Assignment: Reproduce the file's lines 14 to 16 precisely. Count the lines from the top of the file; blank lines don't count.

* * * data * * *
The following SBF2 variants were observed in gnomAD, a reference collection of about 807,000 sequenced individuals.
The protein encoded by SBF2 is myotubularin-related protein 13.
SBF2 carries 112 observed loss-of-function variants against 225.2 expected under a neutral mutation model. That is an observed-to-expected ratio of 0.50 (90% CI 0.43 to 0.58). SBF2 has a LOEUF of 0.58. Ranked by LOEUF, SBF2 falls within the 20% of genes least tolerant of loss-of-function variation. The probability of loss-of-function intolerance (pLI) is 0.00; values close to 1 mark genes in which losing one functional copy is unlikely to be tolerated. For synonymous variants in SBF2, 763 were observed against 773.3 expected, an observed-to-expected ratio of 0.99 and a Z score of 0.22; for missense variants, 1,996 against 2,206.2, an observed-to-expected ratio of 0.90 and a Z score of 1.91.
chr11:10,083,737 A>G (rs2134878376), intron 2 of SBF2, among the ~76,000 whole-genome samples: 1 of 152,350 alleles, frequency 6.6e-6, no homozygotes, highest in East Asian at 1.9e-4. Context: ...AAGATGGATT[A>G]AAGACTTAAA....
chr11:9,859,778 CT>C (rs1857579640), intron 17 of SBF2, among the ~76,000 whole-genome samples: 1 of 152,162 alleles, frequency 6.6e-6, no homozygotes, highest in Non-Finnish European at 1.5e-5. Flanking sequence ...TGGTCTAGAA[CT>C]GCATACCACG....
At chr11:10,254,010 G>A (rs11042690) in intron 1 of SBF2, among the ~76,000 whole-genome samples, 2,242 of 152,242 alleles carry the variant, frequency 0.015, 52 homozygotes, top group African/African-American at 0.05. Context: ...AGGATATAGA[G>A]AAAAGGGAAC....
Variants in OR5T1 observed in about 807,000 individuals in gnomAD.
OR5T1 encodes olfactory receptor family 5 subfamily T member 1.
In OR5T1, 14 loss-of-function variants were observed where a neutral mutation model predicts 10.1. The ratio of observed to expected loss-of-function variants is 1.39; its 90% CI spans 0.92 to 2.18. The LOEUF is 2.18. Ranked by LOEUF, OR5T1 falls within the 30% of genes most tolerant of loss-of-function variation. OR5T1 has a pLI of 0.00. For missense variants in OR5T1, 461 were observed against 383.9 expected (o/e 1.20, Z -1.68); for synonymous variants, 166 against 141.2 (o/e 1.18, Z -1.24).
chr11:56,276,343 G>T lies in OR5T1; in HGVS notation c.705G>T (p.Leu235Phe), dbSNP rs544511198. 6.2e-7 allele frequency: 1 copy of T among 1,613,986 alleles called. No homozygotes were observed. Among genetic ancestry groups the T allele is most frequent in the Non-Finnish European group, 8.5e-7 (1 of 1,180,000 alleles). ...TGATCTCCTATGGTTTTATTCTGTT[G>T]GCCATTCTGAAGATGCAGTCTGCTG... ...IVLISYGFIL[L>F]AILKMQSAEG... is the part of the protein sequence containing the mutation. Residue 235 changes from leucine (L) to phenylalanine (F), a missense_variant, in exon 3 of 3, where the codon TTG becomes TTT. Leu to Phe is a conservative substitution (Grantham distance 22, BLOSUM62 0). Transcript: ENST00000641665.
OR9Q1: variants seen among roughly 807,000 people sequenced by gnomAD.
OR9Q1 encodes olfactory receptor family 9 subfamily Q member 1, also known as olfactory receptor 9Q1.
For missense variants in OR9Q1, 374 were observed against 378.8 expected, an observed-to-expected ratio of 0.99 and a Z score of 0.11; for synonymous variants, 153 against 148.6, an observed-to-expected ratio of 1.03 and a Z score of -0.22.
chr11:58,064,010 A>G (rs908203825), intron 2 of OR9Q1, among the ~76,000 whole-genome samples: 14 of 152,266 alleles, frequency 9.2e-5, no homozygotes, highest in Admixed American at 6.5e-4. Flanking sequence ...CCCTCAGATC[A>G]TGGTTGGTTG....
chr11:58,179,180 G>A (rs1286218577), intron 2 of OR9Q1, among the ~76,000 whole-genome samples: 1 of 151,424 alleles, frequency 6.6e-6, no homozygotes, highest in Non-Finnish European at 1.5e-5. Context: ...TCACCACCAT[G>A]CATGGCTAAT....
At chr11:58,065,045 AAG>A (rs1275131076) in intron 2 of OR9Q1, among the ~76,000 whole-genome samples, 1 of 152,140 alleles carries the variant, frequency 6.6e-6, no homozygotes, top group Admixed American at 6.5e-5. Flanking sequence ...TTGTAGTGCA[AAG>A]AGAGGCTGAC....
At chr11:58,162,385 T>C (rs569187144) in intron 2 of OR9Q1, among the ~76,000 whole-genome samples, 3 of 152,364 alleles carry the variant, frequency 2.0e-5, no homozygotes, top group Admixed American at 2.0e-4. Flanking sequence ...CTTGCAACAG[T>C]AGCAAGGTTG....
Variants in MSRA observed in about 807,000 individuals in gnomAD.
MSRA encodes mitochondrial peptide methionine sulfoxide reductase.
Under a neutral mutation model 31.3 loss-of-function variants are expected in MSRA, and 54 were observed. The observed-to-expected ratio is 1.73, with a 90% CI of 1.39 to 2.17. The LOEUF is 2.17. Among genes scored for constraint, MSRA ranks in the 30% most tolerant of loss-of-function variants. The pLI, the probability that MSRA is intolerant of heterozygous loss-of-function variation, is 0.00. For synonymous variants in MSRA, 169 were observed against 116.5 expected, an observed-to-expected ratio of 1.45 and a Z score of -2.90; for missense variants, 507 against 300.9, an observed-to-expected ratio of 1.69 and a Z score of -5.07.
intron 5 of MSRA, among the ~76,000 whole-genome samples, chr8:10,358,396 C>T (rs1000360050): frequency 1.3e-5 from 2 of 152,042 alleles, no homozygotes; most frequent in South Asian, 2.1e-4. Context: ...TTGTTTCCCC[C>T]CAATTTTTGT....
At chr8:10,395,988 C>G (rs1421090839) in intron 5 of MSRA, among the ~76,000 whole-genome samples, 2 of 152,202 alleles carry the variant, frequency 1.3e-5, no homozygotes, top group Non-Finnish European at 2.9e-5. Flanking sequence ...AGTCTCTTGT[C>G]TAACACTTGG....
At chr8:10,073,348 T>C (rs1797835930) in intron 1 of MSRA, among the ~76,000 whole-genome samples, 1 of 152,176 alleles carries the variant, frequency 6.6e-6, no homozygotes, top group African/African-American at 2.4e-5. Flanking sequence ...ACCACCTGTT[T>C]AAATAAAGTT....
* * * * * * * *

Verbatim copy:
chr11:58,064,010 A>G (rs908203825), intron 2 of OR9Q1, among the ~76,000 whole-genome samples: 14 of 152,266 alleles, frequency 9.2e-5, no homozygotes, highest in Admixed American at 6.5e-4. Flanking sequence ...CCCTCAGATC[A>G]TGGTTGGTTG....
chr11:58,179,180 G>A (rs1286218577), intron 2 of OR9Q1, among the ~76,000 whole-genome samples: 1 of 151,424 alleles, frequency 6.6e-6, no homozygotes, highest in Non-Finnish European at 1.5e-5. Context: ...TCACCACCAT[G>A]CATGGCTAAT....
At chr11:58,065,045 AAG>A (rs1275131076) in intron 2 of OR9Q1, among the ~76,000 whole-genome samples, 1 of 152,140 alleles carries the variant, frequency 6.6e-6, no homozygotes, top group Admixed American at 6.5e-5. Flanking sequence ...TTGTAGTGCA[AAG>A]AGAGGCTGAC....